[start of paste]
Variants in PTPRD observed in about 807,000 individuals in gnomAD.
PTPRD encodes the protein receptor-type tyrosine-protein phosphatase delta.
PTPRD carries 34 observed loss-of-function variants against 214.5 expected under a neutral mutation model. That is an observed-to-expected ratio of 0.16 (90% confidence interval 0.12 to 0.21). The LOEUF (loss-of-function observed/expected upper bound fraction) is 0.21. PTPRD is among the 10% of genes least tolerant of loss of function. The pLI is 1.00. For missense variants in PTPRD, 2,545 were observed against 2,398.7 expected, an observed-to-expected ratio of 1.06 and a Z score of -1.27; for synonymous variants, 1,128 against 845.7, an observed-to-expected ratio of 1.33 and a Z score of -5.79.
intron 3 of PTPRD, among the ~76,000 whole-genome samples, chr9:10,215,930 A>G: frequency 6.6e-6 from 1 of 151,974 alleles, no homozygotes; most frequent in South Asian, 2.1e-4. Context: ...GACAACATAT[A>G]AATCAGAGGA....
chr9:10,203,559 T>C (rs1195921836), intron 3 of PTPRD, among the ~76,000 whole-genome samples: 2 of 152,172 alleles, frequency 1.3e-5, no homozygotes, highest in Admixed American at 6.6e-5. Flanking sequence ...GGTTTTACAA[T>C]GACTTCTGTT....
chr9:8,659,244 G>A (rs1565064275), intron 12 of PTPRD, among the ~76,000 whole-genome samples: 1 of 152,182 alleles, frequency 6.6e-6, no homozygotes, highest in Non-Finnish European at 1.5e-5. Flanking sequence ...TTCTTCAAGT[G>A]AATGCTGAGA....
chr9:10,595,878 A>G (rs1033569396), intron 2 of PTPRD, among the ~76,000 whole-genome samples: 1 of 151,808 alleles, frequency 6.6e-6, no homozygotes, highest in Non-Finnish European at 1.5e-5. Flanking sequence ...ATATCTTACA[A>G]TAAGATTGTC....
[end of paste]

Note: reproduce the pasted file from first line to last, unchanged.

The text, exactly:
Variants in PTPRD observed in about 807,000 individuals in gnomAD.
PTPRD encodes the protein receptor-type tyrosine-protein phosphatase delta.
PTPRD carries 34 observed loss-of-function variants against 214.5 expected under a neutral mutation model. That is an observed-to-expected ratio of 0.16 (90% confidence interval 0.12 to 0.21). The LOEUF (loss-of-function observed/expected upper bound fraction) is 0.21. PTPRD is among the 10% of genes least tolerant of loss of function. The pLI is 1.00. For missense variants in PTPRD, 2,545 were observed against 2,398.7 expected, an observed-to-expected ratio of 1.06 and a Z score of -1.27; for synonymous variants, 1,128 against 845.7, an observed-to-expected ratio of 1.33 and a Z score of -5.79.
intron 3 of PTPRD, among the ~76,000 whole-genome samples, chr9:10,215,930 A>G: frequency 6.6e-6 from 1 of 151,974 alleles, no homozygotes; most frequent in South Asian, 2.1e-4. Context: ...GACAACATAT[A>G]AATCAGAGGA....
chr9:10,203,559 T>C (rs1195921836), intron 3 of PTPRD, among the ~76,000 whole-genome samples: 2 of 152,172 alleles, frequency 1.3e-5, no homozygotes, highest in Admixed American at 6.6e-5. Flanking sequence ...GGTTTTACAA[T>C]GACTTCTGTT....
chr9:8,659,244 G>A (rs1565064275), intron 12 of PTPRD, among the ~76,000 whole-genome samples: 1 of 152,182 alleles, frequency 6.6e-6, no homozygotes, highest in Non-Finnish European at 1.5e-5. Flanking sequence ...TTCTTCAAGT[G>A]AATGCTGAGA....
chr9:10,595,878 A>G (rs1033569396), intron 2 of PTPRD, among the ~76,000 whole-genome samples: 1 of 151,808 alleles, frequency 6.6e-6, no homozygotes, highest in Non-Finnish European at 1.5e-5. Flanking sequence ...ATATCTTACA[A>G]TAAGATTGTC....